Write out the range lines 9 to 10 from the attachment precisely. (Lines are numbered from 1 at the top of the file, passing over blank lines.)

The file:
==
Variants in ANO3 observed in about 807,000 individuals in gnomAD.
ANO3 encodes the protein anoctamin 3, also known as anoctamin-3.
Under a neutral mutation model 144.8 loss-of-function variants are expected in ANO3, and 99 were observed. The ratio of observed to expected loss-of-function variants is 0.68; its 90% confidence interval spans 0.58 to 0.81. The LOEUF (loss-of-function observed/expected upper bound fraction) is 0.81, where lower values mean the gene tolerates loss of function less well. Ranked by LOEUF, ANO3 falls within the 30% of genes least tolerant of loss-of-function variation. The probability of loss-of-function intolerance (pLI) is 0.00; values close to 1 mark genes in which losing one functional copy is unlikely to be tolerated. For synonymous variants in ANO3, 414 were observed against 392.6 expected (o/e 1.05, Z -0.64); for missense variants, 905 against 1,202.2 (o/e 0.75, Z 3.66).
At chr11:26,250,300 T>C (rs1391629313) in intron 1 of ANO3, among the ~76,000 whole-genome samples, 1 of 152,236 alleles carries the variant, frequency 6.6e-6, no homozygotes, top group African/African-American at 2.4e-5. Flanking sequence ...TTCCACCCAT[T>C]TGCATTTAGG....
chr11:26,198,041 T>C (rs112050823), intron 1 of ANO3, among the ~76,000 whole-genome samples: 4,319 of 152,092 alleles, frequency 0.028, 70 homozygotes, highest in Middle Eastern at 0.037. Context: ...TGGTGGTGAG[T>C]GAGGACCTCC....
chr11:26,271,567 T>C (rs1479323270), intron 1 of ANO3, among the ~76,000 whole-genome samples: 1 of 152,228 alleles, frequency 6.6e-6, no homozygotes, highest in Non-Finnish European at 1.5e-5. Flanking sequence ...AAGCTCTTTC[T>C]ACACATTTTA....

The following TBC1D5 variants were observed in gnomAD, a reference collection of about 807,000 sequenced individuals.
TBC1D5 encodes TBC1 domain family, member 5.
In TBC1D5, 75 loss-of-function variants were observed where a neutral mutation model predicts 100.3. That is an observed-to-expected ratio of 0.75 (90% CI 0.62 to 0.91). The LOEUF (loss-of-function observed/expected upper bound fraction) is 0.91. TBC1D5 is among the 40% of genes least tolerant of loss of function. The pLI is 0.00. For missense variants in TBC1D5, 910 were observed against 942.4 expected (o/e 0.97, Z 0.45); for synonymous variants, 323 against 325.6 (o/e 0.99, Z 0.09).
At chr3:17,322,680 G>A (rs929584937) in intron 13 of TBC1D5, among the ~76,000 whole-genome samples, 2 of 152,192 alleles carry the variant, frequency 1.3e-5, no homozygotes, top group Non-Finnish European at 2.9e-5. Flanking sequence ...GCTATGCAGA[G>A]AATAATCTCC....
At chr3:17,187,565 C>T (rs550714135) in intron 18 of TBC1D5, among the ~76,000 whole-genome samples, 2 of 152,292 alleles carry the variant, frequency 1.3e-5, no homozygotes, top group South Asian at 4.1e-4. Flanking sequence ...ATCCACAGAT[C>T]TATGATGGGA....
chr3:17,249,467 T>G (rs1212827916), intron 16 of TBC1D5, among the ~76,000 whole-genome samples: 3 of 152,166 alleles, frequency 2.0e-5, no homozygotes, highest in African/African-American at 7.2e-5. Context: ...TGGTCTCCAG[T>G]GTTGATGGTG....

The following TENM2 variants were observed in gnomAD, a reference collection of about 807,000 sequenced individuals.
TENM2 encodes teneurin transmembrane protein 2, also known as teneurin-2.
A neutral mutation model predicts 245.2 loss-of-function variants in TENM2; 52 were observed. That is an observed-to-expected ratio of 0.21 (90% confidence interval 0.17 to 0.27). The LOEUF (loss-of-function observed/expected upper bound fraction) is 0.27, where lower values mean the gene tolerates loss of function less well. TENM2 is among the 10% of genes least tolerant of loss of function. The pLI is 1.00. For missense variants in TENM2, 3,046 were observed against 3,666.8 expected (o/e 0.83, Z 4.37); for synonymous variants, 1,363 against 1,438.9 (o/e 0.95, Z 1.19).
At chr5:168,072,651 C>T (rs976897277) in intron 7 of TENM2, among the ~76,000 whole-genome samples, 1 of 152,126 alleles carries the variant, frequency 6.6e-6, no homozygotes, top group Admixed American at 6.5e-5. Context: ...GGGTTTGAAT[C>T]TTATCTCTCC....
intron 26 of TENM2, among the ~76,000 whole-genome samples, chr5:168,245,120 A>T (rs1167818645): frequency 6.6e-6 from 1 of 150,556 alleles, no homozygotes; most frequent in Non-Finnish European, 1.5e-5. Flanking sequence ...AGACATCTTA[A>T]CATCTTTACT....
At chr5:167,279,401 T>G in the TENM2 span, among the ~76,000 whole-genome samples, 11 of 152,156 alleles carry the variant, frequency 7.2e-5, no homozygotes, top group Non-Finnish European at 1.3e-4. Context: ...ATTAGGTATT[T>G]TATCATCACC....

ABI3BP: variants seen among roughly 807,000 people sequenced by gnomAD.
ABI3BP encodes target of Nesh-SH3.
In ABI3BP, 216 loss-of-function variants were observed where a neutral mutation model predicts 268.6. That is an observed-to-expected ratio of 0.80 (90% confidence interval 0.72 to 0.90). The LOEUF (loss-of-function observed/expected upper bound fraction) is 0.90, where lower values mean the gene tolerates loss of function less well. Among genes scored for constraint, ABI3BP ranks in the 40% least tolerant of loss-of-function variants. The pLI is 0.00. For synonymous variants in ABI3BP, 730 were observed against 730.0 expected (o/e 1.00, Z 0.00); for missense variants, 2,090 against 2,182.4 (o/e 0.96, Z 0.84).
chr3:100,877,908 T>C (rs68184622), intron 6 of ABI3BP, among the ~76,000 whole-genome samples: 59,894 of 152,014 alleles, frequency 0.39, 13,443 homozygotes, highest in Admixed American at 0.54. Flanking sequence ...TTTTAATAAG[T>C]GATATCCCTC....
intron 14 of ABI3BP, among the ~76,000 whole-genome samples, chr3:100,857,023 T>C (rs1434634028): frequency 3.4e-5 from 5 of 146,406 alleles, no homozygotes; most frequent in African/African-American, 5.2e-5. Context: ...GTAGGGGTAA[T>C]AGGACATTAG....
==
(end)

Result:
In TBC1D5, 75 loss-of-function variants were observed where a neutral mutation model predicts 100.3. That is an observed-to-expected ratio of 0.75 (90% CI 0.62 to 0.91). The LOEUF (loss-of-function observed/expected upper bound fraction) is 0.91. TBC1D5 is among the 40% of genes least tolerant of loss of function. The pLI is 0.00. For missense variants in TBC1D5, 910 were observed against 942.4 expected (o/e 0.97, Z 0.45); for synonymous variants, 323 against 325.6 (o/e 0.99, Z 0.09).
At chr3:17,322,680 G>A (rs929584937) in intron 13 of TBC1D5, among the ~76,000 whole-genome samples, 2 of 152,192 alleles carry the variant, frequency 1.3e-5, no homozygotes, top group Non-Finnish European at 2.9e-5. Flanking sequence ...GCTATGCAGA[G>A]AATAATCTCC....